Beijing tells Hanoi it must pay for losses

Updated: 2014-05-27 07:15

By Pu Zhendong (China Daily)

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Convictions 'simply not enough', says spokesman for Foreign Ministry

Vietnam needs to thoroughly investigate the recent anti-China riots there, and must pay compensation to Chinese nationals and enterprises to regain global confidence in the country, officials and analysts said.

On Sunday, authorities in Vietnam's Binh Duong province, north of Ho Chi Minh City, found two men guilty for the riots starting on May 13 that killed two Chinese citizens, injured hundreds of others and damaged hundreds of foreign factories, the country's Thanh Nien Daily newspaper reported.

However, Foreign Ministry spokesman Qin Gang said at a news conference on Monday that the convictions are "simply not enough".

"We urge Vietnam to take effective measures to guarantee the safety of Chinese nationals and enterprises," he said. "The robbery, arson and vandalism in the riots have caused heavy casualties and property losses to Chinese companies and staff."

Le Van Nghiem, a worker at the Chan Viet Joint Stock Co, was sentenced to three years in prison for "causing public disorder" and "deliberately damaging property". The public trial attracted thousands of spectators.

According to the indictment, Nghiem joined a group of about 200 people who pulled down his employer's gate on the evening of May 13, screaming about "chasing the Chinese back to their country". Nghiem was also believed to have blocked and damaged a police car.

In court, Nghiem admitted his crimes and said he regretted his actions.

On the same day, another court in Binh Duong sentenced Chau Vinh Tuong to one year in prison for robbery.

Le Xuan Truong, chief of the secretariat of the Binh Duong police department, told The Wall Street Journal that more than 700 of the approximately 1,000 people arrested for participating in the riots will face trials and the rest will receive administrative fines.

Su Hao, a professor of Asia-Pacific studies at China Foreign Affairs University, said the loss to Chinese citizens and businesses was real and witnessed by the world, so China deserves immediate and sincere compensation, not just self-deceiving stimulus measures.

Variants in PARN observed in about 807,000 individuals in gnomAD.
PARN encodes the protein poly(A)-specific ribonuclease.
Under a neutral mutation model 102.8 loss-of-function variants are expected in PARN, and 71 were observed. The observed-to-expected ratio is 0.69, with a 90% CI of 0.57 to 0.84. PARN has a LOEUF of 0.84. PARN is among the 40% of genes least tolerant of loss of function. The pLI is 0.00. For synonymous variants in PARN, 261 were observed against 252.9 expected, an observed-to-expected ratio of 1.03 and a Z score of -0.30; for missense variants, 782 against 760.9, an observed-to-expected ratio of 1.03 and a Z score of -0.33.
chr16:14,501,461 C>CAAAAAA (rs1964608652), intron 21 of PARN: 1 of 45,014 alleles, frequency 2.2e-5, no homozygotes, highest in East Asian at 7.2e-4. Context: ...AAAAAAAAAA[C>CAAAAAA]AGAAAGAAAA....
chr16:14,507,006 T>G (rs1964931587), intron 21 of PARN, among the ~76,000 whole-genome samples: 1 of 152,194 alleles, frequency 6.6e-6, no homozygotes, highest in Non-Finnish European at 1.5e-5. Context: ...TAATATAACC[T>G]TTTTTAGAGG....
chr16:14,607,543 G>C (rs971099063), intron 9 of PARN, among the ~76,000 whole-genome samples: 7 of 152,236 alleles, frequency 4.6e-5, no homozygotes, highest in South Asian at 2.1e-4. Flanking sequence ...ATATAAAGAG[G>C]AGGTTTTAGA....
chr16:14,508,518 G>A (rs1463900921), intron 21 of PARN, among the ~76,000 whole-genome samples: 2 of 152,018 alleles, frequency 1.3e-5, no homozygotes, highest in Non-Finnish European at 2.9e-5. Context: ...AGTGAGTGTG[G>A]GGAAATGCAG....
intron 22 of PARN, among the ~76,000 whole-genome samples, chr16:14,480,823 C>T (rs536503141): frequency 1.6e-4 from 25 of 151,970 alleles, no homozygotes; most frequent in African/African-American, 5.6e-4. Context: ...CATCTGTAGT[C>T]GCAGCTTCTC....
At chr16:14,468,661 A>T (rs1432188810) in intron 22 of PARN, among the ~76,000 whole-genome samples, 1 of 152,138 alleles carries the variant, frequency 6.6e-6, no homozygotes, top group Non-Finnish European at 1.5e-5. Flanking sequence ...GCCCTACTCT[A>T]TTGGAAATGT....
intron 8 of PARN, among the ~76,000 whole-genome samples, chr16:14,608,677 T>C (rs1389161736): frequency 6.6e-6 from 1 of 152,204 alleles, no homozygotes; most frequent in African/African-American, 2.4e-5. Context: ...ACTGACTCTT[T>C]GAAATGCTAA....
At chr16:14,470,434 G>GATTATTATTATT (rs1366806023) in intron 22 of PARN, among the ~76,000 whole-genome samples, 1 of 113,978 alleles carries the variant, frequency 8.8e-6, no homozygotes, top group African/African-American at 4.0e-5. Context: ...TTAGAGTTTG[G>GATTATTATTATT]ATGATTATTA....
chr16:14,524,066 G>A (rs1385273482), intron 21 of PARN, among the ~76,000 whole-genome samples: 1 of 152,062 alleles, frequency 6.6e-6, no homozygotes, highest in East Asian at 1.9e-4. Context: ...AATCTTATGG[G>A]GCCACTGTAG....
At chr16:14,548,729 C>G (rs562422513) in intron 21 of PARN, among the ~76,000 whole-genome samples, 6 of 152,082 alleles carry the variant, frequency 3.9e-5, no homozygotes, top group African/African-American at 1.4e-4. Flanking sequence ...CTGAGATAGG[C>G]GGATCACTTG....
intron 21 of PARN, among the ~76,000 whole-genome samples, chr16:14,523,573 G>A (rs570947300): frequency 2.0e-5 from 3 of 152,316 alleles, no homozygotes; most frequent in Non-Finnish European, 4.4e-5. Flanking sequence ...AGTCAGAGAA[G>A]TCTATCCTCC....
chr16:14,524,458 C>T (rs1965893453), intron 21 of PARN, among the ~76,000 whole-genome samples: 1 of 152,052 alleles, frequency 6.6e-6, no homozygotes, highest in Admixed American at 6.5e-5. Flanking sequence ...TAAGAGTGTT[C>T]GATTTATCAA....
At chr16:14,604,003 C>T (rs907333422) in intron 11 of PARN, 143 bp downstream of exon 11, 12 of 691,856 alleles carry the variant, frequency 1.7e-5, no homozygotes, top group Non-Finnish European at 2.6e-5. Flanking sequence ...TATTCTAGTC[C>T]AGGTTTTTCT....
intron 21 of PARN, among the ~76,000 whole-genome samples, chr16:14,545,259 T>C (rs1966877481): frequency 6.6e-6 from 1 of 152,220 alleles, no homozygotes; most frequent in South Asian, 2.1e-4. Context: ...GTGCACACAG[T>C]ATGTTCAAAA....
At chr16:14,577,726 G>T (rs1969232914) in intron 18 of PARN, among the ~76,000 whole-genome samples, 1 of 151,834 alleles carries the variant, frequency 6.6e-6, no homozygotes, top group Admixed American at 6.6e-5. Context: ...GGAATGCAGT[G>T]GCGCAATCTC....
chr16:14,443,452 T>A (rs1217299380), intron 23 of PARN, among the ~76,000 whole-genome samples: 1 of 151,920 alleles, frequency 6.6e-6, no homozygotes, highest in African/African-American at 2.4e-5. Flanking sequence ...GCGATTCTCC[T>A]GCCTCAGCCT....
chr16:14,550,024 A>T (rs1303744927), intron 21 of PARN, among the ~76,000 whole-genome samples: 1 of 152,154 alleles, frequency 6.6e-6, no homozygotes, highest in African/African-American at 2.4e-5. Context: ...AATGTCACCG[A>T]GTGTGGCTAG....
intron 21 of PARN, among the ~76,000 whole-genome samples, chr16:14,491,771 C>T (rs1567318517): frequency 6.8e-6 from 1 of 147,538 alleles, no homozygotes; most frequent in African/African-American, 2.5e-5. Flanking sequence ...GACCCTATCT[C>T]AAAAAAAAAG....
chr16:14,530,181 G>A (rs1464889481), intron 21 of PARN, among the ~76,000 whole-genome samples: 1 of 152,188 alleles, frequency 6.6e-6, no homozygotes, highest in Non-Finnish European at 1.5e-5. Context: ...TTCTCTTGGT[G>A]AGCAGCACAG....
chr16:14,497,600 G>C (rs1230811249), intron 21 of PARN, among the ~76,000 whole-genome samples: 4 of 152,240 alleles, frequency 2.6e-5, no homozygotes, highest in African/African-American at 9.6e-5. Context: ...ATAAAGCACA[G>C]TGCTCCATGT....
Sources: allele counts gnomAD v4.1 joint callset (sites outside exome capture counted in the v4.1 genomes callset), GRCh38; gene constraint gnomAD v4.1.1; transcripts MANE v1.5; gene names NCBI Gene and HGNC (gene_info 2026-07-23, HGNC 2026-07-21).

"Vietnam has benefited from China's trade, investment, industrial transfer and an increasing number of Chinese tourists, so it had better not play a victim on the international stage, and it should start taking seriously China's demands," Su said.

Protests broke out in mid-May in some Vietnamese cities and turned violent soon afterward, after Vietnam's intensive disruptions of China's normal drilling in the waters of Xisha Islands in the South China Sea earlier this month. Firms from countries like Singapore, Japan and South Korea were also affected in Vietnam by the protests.

"The affected factories are also suppliers to Wal-Mart, Target, and British and European retail outlets," said Theodore Moran, a senior fellow with the Washington-based Peterson Institute for International Economics. "Even though it (the violence) is mainly anti-Chinese, it affects the global supply chains that Vietnam is participating in. In that sense, it could damage the environment reputation of Vietnam."

The recent upheavals were not going to "destroy" the already diversified Vietnamese economy, but would "have a negative impact on the growth", Moran was quoted by Xinhua News Agency as saying.

In another development, Vietnam's Ministry of Foreign Affairs on Friday said it has "sufficient legal and historical evidence affirming its sovereignty" over China's Xisha Islands, and demanded that China remove its oil rig there.

Calling the remarks "ridiculous", Qin said a great amount of historical evidence shows that China has been the owner of Xisha Islands since the Western and Eastern Han dynasties (206 BC-AD 220).

"It is strange that Vietnam recognized China's sovereignty before the mid-1970s and has betrayed its commitment since then," Qin said.

"The country distorts history, denies facts, breaks its promises and has low credibility internationally," he added.

Xinhua contributed to this story.

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